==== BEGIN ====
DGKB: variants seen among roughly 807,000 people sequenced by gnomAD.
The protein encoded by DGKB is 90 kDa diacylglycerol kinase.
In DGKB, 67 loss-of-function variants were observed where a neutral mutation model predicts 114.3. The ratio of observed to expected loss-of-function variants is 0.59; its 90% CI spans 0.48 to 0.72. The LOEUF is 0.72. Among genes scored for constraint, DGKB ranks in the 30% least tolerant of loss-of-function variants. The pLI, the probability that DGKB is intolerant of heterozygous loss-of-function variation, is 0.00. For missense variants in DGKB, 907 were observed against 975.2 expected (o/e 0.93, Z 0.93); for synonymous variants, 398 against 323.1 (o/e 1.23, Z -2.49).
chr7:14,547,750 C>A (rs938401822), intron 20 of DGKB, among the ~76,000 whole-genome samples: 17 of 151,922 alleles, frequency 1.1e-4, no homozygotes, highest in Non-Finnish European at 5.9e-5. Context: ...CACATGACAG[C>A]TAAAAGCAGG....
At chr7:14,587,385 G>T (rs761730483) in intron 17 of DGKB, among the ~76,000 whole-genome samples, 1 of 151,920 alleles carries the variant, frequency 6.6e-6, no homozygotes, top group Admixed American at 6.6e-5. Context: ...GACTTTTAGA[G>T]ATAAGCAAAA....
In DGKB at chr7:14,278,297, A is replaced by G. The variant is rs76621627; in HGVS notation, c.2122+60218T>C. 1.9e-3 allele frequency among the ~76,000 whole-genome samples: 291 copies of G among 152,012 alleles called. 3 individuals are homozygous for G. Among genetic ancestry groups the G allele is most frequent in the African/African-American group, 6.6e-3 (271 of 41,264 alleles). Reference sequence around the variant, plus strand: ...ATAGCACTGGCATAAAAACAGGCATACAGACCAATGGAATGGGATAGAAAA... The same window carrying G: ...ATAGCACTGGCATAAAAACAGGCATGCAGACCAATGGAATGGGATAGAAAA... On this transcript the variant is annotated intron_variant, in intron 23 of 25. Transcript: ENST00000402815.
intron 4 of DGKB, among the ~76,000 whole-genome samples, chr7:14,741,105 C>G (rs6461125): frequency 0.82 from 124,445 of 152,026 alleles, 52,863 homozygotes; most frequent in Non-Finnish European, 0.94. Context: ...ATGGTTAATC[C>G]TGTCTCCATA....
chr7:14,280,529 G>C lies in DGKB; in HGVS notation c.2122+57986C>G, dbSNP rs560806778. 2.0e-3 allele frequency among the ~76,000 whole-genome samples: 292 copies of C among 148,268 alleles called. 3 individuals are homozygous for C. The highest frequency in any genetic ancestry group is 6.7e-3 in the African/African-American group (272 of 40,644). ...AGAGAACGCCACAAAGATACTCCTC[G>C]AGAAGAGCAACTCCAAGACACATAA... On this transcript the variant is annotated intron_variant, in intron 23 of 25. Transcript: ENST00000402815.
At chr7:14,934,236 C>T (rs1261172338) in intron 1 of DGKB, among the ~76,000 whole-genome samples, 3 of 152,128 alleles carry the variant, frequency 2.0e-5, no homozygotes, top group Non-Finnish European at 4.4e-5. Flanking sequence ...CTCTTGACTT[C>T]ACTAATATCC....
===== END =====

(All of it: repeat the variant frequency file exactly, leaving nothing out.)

DGKB: variants seen among roughly 807,000 people sequenced by gnomAD.
The protein encoded by DGKB is 90 kDa diacylglycerol kinase.
In DGKB, 67 loss-of-function variants were observed where a neutral mutation model predicts 114.3. The ratio of observed to expected loss-of-function variants is 0.59; its 90% CI spans 0.48 to 0.72. The LOEUF is 0.72. Among genes scored for constraint, DGKB ranks in the 30% least tolerant of loss-of-function variants. The pLI, the probability that DGKB is intolerant of heterozygous loss-of-function variation, is 0.00. For missense variants in DGKB, 907 were observed against 975.2 expected (o/e 0.93, Z 0.93); for synonymous variants, 398 against 323.1 (o/e 1.23, Z -2.49).
chr7:14,547,750 C>A (rs938401822), intron 20 of DGKB, among the ~76,000 whole-genome samples: 17 of 151,922 alleles, frequency 1.1e-4, no homozygotes, highest in Non-Finnish European at 5.9e-5. Context: ...CACATGACAG[C>A]TAAAAGCAGG....
At chr7:14,587,385 G>T (rs761730483) in intron 17 of DGKB, among the ~76,000 whole-genome samples, 1 of 151,920 alleles carries the variant, frequency 6.6e-6, no homozygotes, top group Admixed American at 6.6e-5. Context: ...GACTTTTAGA[G>T]ATAAGCAAAA....
In DGKB at chr7:14,278,297, A is replaced by G. The variant is rs76621627; in HGVS notation, c.2122+60218T>C. 1.9e-3 allele frequency among the ~76,000 whole-genome samples: 291 copies of G among 152,012 alleles called. 3 individuals are homozygous for G. Among genetic ancestry groups the G allele is most frequent in the African/African-American group, 6.6e-3 (271 of 41,264 alleles). Reference sequence around the variant, plus strand: ...ATAGCACTGGCATAAAAACAGGCATACAGACCAATGGAATGGGATAGAAAA... The same window carrying G: ...ATAGCACTGGCATAAAAACAGGCATGCAGACCAATGGAATGGGATAGAAAA... On this transcript the variant is annotated intron_variant, in intron 23 of 25. Transcript: ENST00000402815.
intron 4 of DGKB, among the ~76,000 whole-genome samples, chr7:14,741,105 C>G (rs6461125): frequency 0.82 from 124,445 of 152,026 alleles, 52,863 homozygotes; most frequent in Non-Finnish European, 0.94. Context: ...ATGGTTAATC[C>G]TGTCTCCATA....
chr7:14,280,529 G>C lies in DGKB; in HGVS notation c.2122+57986C>G, dbSNP rs560806778. 2.0e-3 allele frequency among the ~76,000 whole-genome samples: 292 copies of C among 148,268 alleles called. 3 individuals are homozygous for C. The highest frequency in any genetic ancestry group is 6.7e-3 in the African/African-American group (272 of 40,644). ...AGAGAACGCCACAAAGATACTCCTC[G>C]AGAAGAGCAACTCCAAGACACATAA... On this transcript the variant is annotated intron_variant, in intron 23 of 25. Transcript: ENST00000402815.
At chr7:14,934,236 C>T (rs1261172338) in intron 1 of DGKB, among the ~76,000 whole-genome samples, 3 of 152,128 alleles carry the variant, frequency 2.0e-5, no homozygotes, top group Non-Finnish European at 4.4e-5. Flanking sequence ...CTCTTGACTT[C>T]ACTAATATCC....